The Department of Energy (DOE) recently announced nearly $2 million for 13 new building technology projects led by small businesses with a strong potential for commercialization and job creation. These awards are for $150,000 each and will help small businesses with promising ideas to boost the efficiency of buildings.

This small business solicitation sought applications in three building technology areas: 1) technologies for sensing and managing indoor air quality in buildings, 2) high-efficiency materials for solid-state lighting, and 3) energy efficient solid-state lighting luminaires, products and systems. Companies competing for these grants were encouraged to propose innovations to meet ambitious cost and performance targets.

The small businesses receiving the building technology awards are located in eight states: California, Florida, Georgia, New Jersey, New Mexico, New York, Oregon, and Utah. The selected funding recipients in the three topic areas:

Technologies for Sensing and Managing Indoor Air Quality in Buildings

As buildings become more airtight, management of indoor air quality becomes increasingly important. These projects are focused on improving air quality in existing buildings:

  • Dioxide Materials (Boca Raton, FL) will develop a technology for low-cost, high-accuracy whole-building carbon dioxide monitoring for demand control ventilation.
  • Intelligent Optical Systems Inc. (Torrance, CA) will develop optical sensors for relative humidity that have unprecedented long-term stability at costs comparable to those of existing sensors.
  • KWJ Engineering Inc. (Newark, CA) will develop a novel CO2 air quality sensor for use with energy-efficient commercial and residential green building ventilation control systems.
  • Mechanical Solutions Inc. (Whippany, NJ) will develop an innovative, high-efficiency radon fan to replace current highly inefficient fans. The more cost-efficient fan will encourage more homeowners to protect themselves from radon.  

High-Efficiency Materials for Solid-State Lighting

DOE has estimated that advancing energy-efficient electric lighting in U.S. buildings could conserve more than 50% of lighting energy with corresponding savings in electricity costs to building operators. These projects seek to bring us closer to that goal by developing new materials for use in solid-state lighting devices:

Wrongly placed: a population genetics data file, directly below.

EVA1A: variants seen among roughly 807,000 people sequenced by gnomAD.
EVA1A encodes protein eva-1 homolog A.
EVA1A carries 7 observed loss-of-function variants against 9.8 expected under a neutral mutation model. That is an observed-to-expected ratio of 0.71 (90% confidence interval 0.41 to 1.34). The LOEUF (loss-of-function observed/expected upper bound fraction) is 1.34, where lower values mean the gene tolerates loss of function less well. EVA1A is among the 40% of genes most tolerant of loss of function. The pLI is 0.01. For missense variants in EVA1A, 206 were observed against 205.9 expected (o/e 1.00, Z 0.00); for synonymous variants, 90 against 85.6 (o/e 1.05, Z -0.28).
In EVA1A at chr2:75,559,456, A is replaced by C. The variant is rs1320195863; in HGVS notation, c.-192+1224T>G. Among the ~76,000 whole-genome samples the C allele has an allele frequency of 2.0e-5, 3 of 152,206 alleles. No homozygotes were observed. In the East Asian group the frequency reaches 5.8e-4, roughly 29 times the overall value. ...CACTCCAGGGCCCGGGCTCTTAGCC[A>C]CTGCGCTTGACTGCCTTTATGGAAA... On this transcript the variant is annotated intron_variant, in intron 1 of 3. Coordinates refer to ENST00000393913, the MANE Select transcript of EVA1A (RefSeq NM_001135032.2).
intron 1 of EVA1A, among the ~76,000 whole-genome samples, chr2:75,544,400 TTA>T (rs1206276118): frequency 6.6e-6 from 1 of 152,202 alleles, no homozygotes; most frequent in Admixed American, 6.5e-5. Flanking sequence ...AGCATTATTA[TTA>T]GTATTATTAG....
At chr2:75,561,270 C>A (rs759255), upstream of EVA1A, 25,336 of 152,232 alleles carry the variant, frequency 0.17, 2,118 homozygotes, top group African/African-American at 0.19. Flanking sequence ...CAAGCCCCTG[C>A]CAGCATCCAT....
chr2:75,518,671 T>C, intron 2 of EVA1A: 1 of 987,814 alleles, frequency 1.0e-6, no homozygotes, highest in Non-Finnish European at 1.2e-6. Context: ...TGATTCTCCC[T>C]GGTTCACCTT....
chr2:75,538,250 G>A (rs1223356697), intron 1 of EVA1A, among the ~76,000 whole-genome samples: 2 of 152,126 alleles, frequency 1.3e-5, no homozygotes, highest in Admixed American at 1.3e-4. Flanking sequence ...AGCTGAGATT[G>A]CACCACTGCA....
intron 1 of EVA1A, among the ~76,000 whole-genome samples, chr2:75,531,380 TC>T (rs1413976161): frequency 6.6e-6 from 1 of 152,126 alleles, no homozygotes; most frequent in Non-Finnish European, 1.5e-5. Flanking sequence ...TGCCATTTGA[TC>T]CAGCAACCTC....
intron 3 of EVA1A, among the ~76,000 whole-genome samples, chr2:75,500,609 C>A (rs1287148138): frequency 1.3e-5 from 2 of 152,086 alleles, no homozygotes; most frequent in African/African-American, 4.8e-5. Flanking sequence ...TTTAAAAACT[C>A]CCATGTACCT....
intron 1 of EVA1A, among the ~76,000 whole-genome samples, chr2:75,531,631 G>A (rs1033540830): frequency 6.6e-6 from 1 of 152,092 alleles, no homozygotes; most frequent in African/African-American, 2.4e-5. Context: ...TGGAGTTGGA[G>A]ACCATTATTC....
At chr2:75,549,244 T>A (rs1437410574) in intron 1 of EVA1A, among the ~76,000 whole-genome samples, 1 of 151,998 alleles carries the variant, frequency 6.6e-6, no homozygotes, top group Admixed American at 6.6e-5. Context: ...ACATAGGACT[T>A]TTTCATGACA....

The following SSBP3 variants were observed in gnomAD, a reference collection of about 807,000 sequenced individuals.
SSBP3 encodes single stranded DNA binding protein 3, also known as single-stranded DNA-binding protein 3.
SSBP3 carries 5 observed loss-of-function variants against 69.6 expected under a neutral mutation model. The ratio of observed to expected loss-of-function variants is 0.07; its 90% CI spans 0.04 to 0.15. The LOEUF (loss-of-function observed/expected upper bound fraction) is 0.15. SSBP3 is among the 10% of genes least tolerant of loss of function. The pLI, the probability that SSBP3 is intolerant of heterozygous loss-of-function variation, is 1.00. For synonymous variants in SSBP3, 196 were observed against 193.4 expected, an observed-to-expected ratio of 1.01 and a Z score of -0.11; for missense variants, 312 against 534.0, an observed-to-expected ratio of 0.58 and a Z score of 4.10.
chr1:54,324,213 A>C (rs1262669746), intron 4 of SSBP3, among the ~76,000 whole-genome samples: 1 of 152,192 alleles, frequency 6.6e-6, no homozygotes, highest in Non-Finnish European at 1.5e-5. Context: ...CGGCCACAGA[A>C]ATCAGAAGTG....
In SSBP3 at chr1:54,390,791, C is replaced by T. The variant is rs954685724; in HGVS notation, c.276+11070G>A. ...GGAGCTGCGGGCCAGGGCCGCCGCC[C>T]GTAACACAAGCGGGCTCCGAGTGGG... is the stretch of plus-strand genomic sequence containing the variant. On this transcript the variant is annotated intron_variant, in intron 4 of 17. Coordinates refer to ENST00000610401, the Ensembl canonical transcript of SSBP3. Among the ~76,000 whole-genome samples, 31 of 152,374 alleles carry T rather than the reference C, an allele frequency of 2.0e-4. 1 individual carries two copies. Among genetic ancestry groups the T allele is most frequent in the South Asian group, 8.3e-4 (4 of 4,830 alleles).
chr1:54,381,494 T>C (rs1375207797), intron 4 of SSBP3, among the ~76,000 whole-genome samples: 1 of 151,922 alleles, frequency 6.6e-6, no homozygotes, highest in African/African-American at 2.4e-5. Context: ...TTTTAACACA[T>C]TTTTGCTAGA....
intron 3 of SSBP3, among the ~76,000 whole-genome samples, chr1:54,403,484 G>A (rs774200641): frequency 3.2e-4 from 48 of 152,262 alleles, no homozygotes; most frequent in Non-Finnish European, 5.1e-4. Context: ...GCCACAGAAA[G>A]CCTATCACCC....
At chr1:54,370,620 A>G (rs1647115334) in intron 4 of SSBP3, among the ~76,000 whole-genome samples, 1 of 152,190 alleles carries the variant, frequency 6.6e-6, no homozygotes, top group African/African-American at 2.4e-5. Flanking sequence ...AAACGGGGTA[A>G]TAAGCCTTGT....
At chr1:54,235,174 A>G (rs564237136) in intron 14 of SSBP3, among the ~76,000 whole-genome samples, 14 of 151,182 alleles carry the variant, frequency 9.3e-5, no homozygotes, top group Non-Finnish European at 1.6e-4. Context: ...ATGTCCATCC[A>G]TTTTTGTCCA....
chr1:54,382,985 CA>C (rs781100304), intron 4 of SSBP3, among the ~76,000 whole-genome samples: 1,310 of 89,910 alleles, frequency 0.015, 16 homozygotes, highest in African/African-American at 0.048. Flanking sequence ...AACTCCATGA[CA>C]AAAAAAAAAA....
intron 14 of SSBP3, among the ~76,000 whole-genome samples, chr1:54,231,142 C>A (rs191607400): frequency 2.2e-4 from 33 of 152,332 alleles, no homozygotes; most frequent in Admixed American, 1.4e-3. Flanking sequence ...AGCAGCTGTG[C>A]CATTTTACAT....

• Lumisyn, LLC (Rochester, NY) will research high-performance colloidal nanocrystals to be used in LED products, potentially resulting in a factor of 1.4 increase in LED efficiency.
  • OLEDWorks, LLC (Rochester, NY) will investigate novel blue emitting organic light-emitting diode (OLED) materials that are critical to reducing the cost and improving the performance of OLED lighting panels.
  • PhosphorTech Corporation (Kennesaw, GA) will research hybrid down-converting structures for solid-state lighting. These materials can enable a new generation of SSL devices with high luminous efficacies, high color and thermal stability, and very high spectral efficiency.
  • SC Solutions Inc. (Sunnyvale, CA) will develop an innovative temperature controller for the LED manufacturing process that has the potential to reduce manufacturing costs by as much as 20%.
  • UbiQD, LLC (Los Alamos, NM) will investigate extremely low-cost, efficient phosphors for solid-state lighting using low-toxicity quantum dots. Quantum dots are a promising solid-state lighting phosphor to create white light from blue LEDs.
  • Vadient Optics, LLC (Eugene, OR) seeks to demonstrate that inkjet‐print fabrication of nanocomposite optical inks allows for more efficient and more precise light extraction from LED lamps at a fraction of the cost of conventional techniques.

Energy-Efficient Solid-State Lighting Luminaires, Products, and Systems

These projects will develop advanced solid-state lighting luminaire designs, components, controls and systems that take full advantage of the unique performance capabilities of emerging SSL technologies, resulting in higher rates of growth and energy savings:

  • InnoSys Inc. (Salt Lake City, UT) will develop a next-generation installation/configuration software platform and a novel luminaire in order to lower barriers to the adoption of intelligent SSL devices.
  • Lucent Optics Inc. (Sacramento, CA) will develop and demonstrate an ultra-thin flexible LED lighting panel.
  • Lumisyn LLC (Rochester, NY) will improve the lifetime of its next-generation materials so that they can be used in LED products, resulting in an increase in LED efficiency by a factor of up to 1.3.

Funded by DOE's Small Business Innovation Research (SBIR) and Small Business Technology Transfer (STTR) programs, these Phase I selections explore the feasibility of innovative concepts that could be developed into prototype technologies. For information, visit the Building Technologies Office’s small business portfolio website, and read the peer review report.